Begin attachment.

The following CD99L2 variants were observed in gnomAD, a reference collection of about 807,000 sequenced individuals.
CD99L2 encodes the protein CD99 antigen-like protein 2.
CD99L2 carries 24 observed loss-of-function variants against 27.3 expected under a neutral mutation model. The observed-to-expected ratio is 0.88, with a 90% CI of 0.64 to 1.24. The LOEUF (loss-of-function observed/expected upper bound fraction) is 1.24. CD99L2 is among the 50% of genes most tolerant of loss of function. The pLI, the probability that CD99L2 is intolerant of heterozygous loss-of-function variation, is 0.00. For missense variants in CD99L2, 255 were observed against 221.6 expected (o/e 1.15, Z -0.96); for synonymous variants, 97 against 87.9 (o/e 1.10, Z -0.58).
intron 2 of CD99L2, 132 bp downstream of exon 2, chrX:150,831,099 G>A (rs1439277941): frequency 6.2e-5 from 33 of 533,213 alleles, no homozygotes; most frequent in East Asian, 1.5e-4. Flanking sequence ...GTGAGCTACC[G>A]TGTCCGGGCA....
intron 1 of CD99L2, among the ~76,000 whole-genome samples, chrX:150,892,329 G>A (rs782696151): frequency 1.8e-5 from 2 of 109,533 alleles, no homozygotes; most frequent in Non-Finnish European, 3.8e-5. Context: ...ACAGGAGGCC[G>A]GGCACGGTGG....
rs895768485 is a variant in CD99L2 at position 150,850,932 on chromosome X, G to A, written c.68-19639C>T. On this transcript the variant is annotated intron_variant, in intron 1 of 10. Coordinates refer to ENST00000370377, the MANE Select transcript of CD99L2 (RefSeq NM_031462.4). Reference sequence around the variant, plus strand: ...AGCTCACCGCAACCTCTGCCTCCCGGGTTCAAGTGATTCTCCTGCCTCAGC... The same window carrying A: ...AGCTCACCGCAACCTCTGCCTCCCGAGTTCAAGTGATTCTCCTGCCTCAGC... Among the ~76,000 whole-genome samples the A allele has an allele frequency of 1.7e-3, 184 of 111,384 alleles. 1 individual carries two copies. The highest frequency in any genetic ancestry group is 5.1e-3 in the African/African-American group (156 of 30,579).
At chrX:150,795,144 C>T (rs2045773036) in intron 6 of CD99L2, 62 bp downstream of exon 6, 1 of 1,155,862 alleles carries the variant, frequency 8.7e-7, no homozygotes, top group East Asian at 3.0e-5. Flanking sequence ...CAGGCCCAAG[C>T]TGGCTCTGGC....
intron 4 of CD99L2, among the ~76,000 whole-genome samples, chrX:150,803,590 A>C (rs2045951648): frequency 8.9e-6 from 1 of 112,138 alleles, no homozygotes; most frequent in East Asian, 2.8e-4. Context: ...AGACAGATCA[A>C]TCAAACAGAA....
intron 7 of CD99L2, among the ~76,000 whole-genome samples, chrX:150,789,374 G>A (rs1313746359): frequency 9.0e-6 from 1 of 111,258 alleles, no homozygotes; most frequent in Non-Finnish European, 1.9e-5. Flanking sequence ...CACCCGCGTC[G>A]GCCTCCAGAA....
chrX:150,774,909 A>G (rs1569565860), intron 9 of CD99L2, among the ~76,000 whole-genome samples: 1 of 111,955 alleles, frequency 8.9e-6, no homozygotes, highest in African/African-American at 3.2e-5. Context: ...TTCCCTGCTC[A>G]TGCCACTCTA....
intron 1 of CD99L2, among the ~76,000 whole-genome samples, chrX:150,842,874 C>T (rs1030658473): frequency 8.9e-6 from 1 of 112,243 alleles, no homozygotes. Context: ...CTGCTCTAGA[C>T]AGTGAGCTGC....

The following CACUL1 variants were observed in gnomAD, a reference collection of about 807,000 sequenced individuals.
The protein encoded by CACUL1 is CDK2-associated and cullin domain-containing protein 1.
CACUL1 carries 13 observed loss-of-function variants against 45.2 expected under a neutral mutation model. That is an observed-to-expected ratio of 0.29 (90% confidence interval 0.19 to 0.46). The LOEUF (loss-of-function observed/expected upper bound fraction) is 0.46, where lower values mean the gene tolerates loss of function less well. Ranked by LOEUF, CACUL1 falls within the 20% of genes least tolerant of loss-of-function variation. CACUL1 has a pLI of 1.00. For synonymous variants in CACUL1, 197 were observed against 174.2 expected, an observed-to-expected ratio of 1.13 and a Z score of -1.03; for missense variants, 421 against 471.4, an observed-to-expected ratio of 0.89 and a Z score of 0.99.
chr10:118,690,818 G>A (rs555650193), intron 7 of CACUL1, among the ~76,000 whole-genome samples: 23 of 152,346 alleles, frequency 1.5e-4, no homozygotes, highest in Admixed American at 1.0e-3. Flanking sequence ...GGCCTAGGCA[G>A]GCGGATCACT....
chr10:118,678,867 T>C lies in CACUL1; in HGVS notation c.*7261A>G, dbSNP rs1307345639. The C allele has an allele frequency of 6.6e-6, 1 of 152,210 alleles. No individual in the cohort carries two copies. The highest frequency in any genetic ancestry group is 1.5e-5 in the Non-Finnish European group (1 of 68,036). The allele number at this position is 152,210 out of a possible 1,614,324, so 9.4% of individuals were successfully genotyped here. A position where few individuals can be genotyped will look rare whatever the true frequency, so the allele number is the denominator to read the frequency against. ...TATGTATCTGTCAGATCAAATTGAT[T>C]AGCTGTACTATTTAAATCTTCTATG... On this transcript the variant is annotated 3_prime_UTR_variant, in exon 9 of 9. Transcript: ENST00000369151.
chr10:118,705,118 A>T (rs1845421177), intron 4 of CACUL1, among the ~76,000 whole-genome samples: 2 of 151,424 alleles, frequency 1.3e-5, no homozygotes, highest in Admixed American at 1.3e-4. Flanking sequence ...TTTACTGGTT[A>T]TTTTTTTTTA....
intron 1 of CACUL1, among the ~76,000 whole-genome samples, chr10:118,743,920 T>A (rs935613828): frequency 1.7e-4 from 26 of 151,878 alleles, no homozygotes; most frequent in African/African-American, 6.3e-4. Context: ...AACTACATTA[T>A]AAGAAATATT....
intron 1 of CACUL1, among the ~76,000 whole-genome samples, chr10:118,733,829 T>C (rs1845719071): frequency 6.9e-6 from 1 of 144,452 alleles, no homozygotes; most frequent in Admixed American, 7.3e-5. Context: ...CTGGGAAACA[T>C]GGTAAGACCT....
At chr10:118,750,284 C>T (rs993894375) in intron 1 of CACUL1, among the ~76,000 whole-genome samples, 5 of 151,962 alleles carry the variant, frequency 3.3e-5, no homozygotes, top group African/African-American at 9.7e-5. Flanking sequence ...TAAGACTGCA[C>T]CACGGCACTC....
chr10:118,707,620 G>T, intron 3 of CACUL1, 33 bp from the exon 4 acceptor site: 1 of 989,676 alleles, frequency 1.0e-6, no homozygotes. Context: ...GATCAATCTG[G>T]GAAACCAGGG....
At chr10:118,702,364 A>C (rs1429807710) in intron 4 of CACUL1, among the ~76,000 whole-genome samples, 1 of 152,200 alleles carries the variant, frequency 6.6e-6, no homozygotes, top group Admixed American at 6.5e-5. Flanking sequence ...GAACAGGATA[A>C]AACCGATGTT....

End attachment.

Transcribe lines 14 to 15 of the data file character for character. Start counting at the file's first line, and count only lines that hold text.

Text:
CACUL1 carries 13 observed loss-of-function variants against 45.2 expected under a neutral mutation model. That is an observed-to-expected ratio of 0.29 (90% confidence interval 0.19 to 0.46). The LOEUF (loss-of-function observed/expected upper bound fraction) is 0.46, where lower values mean the gene tolerates loss of function less well. Ranked by LOEUF, CACUL1 falls within the 20% of genes least tolerant of loss-of-function variation. CACUL1 has a pLI of 1.00. For synonymous variants in CACUL1, 197 were observed against 174.2 expected, an observed-to-expected ratio of 1.13 and a Z score of -1.03; for missense variants, 421 against 471.4, an observed-to-expected ratio of 0.89 and a Z score of 0.99.
chr10:118,690,818 G>A (rs555650193), intron 7 of CACUL1, among the ~76,000 whole-genome samples: 23 of 152,346 alleles, frequency 1.5e-4, no homozygotes, highest in Admixed American at 1.0e-3. Flanking sequence ...GGCCTAGGCA[G>A]GCGGATCACT....